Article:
Like Aime Césaire’s A Tempest (which adapts Shakespeare’s plot to tell the story from Caliban’s point of view), I wanted to explore, in pseudo-Bogartian fashion, the different characters’ viewpoints in the piece. Obviously, this isn’t new in the theatrical world, but is still a useful tool by which to explore and create new stories and visions from our archetypal literature. I knew I had no desire to tell it from Prospero’s point of view, nor Caliban’s. After 10+ years of graduate school, I am tired of the perfectly valid, but at times over-used, classic post-colonialist interpretation of The Tempest – especially after reading volumes of student essays on the topic – so I also wanted to steer clear of this interpretation.
I began asking questions such as: Are these characters more monster or hero when they are played by a different gender? For example, how does the relationship between Stephano and Caliban change when Stephano is played as a woman? Does a particular character display more heroic qualities when told from an opposing point of view? As I asked these questions, I found myself more and more drawn to the villain in the shadows, to Prospero’s brother, Antonio. I remember reading The Tempest in high school and thinking that Antonio never felt “bad” enough in the text or on the stage to be the cause of all this drama. Antonio’s work is done before the show begins, making him the villain who is never really able to engage his archetypal ‘other.’ This leaves Caliban to serve in this role, engaging Prospero and providing a secondary conflict. Pallas’s The Tempest: Such Stuff as In essence, Caliban’s secondary conflict often usurps Prospero’s primary conflict with his brother, and I wanted to bring this more into balance.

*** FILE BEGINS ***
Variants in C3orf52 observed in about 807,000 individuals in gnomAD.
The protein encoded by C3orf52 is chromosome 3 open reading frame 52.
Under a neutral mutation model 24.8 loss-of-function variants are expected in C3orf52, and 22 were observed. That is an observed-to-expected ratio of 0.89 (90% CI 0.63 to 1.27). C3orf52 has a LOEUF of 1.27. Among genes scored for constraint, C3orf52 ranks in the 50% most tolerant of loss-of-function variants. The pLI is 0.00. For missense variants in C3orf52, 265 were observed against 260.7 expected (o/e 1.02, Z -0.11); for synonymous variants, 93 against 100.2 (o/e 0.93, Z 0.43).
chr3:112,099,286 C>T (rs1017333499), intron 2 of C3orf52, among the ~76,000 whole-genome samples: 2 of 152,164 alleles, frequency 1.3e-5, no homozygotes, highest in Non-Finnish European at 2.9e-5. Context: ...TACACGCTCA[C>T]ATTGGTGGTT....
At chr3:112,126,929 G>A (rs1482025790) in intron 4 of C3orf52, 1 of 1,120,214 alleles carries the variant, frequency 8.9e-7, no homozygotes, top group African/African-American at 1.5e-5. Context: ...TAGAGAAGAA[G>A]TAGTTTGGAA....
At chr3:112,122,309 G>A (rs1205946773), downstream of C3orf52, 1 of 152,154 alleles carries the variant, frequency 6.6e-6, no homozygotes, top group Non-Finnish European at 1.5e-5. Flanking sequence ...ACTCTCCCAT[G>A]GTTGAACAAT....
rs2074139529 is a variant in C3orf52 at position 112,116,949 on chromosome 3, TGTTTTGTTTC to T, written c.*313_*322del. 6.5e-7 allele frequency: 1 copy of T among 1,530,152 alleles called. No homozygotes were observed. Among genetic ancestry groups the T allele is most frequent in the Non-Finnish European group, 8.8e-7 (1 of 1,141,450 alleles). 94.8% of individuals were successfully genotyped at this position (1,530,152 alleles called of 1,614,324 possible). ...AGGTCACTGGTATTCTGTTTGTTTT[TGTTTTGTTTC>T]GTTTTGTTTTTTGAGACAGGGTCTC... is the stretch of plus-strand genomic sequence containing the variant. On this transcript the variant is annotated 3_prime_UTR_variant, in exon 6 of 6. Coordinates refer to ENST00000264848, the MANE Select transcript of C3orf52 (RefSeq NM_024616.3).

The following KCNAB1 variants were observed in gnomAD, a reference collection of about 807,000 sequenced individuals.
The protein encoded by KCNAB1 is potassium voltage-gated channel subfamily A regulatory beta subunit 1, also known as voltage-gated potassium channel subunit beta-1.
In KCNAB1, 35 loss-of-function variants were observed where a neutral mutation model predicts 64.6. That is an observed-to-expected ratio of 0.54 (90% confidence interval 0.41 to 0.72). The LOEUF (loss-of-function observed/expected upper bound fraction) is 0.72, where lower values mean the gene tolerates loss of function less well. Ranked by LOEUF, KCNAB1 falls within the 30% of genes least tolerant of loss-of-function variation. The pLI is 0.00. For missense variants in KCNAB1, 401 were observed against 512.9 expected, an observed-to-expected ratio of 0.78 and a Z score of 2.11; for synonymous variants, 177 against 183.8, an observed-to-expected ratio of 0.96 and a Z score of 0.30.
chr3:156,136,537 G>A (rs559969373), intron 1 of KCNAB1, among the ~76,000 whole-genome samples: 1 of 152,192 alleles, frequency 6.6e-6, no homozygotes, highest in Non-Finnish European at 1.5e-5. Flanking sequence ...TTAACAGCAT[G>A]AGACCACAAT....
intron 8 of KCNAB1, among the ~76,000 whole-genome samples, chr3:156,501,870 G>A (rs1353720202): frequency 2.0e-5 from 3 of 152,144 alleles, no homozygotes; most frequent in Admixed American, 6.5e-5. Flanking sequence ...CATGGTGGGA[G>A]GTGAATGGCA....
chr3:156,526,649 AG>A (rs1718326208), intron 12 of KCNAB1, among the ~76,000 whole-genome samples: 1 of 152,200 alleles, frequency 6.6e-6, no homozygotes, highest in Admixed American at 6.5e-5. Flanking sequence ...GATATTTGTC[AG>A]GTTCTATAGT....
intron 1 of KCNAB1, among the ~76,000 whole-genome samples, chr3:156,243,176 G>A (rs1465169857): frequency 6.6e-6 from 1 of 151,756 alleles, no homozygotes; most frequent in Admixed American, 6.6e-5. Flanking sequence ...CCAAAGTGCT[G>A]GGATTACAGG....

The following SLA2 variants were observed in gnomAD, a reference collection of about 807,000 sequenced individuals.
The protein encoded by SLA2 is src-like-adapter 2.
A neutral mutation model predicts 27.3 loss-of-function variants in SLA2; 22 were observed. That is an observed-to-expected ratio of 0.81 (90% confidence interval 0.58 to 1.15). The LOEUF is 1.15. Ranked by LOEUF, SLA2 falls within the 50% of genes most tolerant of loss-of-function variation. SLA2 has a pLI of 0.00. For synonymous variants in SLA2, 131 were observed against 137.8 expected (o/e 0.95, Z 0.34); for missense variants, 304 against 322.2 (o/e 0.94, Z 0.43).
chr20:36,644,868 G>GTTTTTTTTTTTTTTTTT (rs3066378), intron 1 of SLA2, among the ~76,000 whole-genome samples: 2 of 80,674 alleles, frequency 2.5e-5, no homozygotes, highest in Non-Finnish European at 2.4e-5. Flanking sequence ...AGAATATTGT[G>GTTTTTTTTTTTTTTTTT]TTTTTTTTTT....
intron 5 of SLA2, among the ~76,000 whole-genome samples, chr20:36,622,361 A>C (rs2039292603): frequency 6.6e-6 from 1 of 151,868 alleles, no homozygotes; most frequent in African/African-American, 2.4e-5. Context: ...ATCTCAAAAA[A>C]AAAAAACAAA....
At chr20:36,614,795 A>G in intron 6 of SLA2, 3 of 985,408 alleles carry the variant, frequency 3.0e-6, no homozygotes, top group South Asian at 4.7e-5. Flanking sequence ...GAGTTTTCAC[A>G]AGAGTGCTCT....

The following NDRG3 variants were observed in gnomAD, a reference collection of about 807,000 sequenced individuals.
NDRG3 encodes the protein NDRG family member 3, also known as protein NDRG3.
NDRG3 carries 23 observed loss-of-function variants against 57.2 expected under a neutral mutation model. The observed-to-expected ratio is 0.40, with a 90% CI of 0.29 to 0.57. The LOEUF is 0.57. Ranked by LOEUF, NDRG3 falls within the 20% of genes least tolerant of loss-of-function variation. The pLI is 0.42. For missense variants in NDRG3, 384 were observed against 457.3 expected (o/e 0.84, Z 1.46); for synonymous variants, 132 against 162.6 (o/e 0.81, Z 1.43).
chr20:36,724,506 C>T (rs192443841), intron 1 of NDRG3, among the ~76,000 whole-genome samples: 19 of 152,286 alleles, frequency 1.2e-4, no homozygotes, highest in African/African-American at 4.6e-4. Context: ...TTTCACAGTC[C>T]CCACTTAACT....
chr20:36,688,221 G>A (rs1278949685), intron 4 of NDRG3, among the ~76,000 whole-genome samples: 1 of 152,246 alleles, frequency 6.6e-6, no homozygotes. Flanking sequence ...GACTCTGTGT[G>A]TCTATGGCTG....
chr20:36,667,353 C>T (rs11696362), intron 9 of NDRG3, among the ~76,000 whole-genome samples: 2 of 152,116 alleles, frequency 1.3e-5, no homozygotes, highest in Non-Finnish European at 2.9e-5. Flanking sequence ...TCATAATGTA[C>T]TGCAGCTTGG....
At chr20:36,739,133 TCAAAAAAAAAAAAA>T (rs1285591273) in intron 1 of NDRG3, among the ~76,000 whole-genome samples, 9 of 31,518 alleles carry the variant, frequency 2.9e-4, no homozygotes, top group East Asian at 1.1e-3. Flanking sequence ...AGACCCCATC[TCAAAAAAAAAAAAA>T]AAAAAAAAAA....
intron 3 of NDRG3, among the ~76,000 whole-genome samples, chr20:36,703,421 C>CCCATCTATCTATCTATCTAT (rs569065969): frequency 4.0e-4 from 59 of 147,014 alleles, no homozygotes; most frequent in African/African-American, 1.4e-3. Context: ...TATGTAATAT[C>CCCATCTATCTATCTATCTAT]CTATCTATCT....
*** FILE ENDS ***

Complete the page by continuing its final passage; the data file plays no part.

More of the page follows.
Pallas’s The Tempest: Such Stuff as Dreams are Made on, therefore, tells the story from Antonio’s point of view – as the heightened Freudian dream of a guilt-ridden man. Our adaptation not only allows Antonio to illuminate the motivation behind his overthrow of (a female) Prospero – the sister who “stole” the throne from him by virtue of being born first (how timely the change of the primogeniture laws has been) – but explores Antonio’s anxieties about his subjugation in Prospero’s family and dukedom. This Antonio, in the anxiety of his dreams, sees himself as a Caliban to Prospero – a man who is colonized for the talents he brings to Prospero’s royal family, but yearns for his own freedom and recognition, and acts on it. Playing with gender, Sebastian, usually Antonio’s daft henchman, is now his beautiful wife – scheming to put her & Antonio’s son, Ariel, on the throne. What emerges is a tale of two siblings, both infinitely intelligent, ever calculating their next move in an effort to achieve dominance and outwit the other.